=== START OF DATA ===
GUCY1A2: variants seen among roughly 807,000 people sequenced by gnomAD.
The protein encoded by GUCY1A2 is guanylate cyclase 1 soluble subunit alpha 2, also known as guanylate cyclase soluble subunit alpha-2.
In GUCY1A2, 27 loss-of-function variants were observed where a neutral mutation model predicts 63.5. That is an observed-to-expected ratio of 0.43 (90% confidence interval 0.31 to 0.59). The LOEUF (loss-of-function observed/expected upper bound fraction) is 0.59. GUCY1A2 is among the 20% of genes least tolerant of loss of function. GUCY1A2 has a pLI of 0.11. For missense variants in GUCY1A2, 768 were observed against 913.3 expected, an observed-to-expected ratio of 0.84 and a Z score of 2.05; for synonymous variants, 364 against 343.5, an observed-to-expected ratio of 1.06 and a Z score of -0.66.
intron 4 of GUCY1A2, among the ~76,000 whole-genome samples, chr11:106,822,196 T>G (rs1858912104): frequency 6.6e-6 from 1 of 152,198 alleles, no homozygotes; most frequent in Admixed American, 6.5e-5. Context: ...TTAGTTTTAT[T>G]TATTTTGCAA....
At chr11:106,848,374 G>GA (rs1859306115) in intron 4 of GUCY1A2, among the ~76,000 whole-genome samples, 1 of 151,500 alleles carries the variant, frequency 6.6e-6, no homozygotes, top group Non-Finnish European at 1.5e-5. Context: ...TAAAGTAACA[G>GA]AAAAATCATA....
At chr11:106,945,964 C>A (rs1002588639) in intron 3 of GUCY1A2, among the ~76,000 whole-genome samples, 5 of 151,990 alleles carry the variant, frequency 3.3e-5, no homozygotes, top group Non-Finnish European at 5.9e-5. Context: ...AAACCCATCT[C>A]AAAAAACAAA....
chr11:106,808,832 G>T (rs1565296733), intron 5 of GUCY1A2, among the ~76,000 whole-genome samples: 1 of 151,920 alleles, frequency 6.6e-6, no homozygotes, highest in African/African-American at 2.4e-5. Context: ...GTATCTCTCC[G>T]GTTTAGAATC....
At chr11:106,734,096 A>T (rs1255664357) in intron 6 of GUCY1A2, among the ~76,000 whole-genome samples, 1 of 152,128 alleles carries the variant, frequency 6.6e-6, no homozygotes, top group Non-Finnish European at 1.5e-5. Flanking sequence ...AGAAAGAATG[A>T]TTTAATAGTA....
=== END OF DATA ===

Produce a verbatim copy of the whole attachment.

GUCY1A2: variants seen among roughly 807,000 people sequenced by gnomAD.
The protein encoded by GUCY1A2 is guanylate cyclase 1 soluble subunit alpha 2, also known as guanylate cyclase soluble subunit alpha-2.
In GUCY1A2, 27 loss-of-function variants were observed where a neutral mutation model predicts 63.5. That is an observed-to-expected ratio of 0.43 (90% confidence interval 0.31 to 0.59). The LOEUF (loss-of-function observed/expected upper bound fraction) is 0.59. GUCY1A2 is among the 20% of genes least tolerant of loss of function. GUCY1A2 has a pLI of 0.11. For missense variants in GUCY1A2, 768 were observed against 913.3 expected, an observed-to-expected ratio of 0.84 and a Z score of 2.05; for synonymous variants, 364 against 343.5, an observed-to-expected ratio of 1.06 and a Z score of -0.66.
intron 4 of GUCY1A2, among the ~76,000 whole-genome samples, chr11:106,822,196 T>G (rs1858912104): frequency 6.6e-6 from 1 of 152,198 alleles, no homozygotes; most frequent in Admixed American, 6.5e-5. Context: ...TTAGTTTTAT[T>G]TATTTTGCAA....
At chr11:106,848,374 G>GA (rs1859306115) in intron 4 of GUCY1A2, among the ~76,000 whole-genome samples, 1 of 151,500 alleles carries the variant, frequency 6.6e-6, no homozygotes, top group Non-Finnish European at 1.5e-5. Context: ...TAAAGTAACA[G>GA]AAAAATCATA....
At chr11:106,945,964 C>A (rs1002588639) in intron 3 of GUCY1A2, among the ~76,000 whole-genome samples, 5 of 151,990 alleles carry the variant, frequency 3.3e-5, no homozygotes, top group Non-Finnish European at 5.9e-5. Context: ...AAACCCATCT[C>A]AAAAAACAAA....
chr11:106,808,832 G>T (rs1565296733), intron 5 of GUCY1A2, among the ~76,000 whole-genome samples: 1 of 151,920 alleles, frequency 6.6e-6, no homozygotes, highest in African/African-American at 2.4e-5. Context: ...GTATCTCTCC[G>T]GTTTAGAATC....
At chr11:106,734,096 A>T (rs1255664357) in intron 6 of GUCY1A2, among the ~76,000 whole-genome samples, 1 of 152,128 alleles carries the variant, frequency 6.6e-6, no homozygotes, top group Non-Finnish European at 1.5e-5. Flanking sequence ...AGAAAGAATG[A>T]TTTAATAGTA....